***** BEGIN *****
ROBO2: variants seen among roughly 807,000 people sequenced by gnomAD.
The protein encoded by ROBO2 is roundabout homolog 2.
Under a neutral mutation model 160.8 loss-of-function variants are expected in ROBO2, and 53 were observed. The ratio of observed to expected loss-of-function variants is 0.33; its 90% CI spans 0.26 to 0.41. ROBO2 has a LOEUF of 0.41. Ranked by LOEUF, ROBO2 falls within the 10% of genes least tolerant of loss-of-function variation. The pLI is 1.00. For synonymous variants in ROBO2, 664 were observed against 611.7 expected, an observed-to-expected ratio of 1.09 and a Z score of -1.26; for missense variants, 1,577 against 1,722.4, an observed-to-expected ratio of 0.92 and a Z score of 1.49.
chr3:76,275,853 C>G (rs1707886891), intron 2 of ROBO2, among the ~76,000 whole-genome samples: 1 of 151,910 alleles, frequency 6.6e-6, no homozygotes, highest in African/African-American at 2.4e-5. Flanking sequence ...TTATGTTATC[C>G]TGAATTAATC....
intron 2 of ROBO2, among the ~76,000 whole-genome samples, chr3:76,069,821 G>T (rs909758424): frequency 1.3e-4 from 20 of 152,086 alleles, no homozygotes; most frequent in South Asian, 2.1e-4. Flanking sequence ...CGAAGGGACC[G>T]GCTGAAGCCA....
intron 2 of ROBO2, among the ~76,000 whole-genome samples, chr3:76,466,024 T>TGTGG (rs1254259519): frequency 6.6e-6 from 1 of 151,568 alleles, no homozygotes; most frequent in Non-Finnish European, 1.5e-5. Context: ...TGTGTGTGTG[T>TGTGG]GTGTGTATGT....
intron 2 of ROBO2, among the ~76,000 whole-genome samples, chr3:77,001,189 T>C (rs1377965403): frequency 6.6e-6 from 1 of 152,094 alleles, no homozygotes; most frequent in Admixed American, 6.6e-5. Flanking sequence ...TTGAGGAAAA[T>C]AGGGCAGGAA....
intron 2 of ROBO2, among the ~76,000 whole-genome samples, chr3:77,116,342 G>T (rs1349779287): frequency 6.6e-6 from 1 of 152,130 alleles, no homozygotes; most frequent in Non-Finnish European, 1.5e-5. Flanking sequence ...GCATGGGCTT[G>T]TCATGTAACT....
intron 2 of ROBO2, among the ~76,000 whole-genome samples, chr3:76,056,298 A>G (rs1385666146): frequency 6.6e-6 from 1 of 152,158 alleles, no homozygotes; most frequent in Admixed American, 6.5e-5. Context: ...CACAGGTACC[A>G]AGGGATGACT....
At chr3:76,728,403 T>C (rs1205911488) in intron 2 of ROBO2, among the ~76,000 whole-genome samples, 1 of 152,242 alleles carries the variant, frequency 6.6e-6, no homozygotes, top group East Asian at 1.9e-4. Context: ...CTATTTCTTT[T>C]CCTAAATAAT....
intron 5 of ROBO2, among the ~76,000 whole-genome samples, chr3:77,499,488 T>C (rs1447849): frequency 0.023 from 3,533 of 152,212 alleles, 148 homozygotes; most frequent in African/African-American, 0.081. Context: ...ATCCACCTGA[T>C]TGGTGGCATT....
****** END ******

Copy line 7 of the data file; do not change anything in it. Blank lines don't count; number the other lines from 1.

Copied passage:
intron 2 of ROBO2, among the ~76,000 whole-genome samples, chr3:77,001,189 T>C (rs1377965403): frequency 6.6e-6 from 1 of 152,094 alleles, no homozygotes; most frequent in Admixed American, 6.6e-5. Flanking sequence ...TTGAGGAAAA[T>C]AGGGCAGGAA....